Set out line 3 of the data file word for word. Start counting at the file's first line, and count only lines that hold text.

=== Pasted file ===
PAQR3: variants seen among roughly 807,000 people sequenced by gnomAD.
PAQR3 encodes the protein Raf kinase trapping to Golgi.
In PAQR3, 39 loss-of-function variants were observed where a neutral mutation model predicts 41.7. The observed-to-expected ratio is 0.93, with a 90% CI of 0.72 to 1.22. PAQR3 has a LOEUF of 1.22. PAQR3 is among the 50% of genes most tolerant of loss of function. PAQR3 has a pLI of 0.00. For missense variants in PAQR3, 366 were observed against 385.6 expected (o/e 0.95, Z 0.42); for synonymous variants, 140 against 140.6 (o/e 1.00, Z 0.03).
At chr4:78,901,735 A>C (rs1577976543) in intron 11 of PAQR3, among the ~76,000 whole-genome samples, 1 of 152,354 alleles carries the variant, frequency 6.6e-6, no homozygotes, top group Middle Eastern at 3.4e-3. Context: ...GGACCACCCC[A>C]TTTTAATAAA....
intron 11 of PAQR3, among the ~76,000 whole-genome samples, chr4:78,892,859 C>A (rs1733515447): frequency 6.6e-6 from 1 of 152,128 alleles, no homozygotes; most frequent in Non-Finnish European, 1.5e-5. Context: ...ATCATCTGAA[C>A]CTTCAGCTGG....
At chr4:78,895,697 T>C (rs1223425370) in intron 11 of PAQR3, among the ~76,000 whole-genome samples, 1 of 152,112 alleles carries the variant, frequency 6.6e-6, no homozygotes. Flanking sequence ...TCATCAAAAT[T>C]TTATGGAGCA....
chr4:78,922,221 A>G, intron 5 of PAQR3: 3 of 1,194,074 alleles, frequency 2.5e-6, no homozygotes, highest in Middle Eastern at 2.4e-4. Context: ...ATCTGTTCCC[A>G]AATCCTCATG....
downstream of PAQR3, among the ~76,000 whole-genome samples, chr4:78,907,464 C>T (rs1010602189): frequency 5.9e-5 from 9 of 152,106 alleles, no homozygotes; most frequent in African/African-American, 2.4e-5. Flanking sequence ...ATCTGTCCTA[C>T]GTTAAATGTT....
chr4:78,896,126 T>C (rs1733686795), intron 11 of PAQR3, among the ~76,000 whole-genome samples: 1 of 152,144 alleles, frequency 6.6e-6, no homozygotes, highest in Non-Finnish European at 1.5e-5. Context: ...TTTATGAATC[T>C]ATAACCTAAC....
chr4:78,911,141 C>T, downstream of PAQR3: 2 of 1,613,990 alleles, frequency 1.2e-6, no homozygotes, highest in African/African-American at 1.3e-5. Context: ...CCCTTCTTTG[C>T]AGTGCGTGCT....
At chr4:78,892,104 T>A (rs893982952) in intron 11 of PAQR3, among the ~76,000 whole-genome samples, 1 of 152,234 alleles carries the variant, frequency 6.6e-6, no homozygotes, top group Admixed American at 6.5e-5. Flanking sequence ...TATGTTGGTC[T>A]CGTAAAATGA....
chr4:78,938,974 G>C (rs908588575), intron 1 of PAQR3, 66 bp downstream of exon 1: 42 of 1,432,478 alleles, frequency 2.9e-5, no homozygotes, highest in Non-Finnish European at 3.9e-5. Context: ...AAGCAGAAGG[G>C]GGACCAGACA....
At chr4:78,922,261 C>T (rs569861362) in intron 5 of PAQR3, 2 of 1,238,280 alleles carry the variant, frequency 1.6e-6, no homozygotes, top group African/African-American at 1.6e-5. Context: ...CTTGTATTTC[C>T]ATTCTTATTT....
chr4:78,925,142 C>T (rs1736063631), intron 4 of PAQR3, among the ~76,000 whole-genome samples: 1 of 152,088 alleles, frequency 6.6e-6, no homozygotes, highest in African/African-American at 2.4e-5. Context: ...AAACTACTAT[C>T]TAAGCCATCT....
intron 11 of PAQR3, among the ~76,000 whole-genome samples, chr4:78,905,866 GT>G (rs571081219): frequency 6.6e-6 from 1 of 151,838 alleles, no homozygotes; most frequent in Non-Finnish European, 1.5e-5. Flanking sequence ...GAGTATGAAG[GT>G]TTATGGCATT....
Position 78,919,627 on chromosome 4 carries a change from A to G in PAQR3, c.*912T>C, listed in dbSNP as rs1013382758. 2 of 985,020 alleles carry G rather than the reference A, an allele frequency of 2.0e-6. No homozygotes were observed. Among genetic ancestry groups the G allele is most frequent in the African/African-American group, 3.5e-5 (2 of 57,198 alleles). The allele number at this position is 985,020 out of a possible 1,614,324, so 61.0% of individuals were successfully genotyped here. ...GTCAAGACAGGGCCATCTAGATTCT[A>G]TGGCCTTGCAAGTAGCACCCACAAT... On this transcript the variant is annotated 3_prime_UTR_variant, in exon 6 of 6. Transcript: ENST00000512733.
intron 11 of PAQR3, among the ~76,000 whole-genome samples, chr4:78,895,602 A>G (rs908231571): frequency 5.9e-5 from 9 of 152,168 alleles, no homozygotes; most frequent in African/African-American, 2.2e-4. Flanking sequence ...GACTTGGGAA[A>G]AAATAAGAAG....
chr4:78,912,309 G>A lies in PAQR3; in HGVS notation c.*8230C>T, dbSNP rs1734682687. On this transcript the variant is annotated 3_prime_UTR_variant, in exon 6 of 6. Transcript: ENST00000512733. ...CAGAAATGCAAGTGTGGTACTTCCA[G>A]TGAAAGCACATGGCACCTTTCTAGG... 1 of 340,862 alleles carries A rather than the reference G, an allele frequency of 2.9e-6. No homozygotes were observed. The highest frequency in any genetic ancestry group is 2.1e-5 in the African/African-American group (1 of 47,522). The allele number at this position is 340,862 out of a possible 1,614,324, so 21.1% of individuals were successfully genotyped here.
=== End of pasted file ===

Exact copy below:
In PAQR3, 39 loss-of-function variants were observed where a neutral mutation model predicts 41.7. The observed-to-expected ratio is 0.93, with a 90% CI of 0.72 to 1.22. PAQR3 has a LOEUF of 1.22. PAQR3 is among the 50% of genes most tolerant of loss of function. PAQR3 has a pLI of 0.00. For missense variants in PAQR3, 366 were observed against 385.6 expected (o/e 0.95, Z 0.42); for synonymous variants, 140 against 140.6 (o/e 1.00, Z 0.03).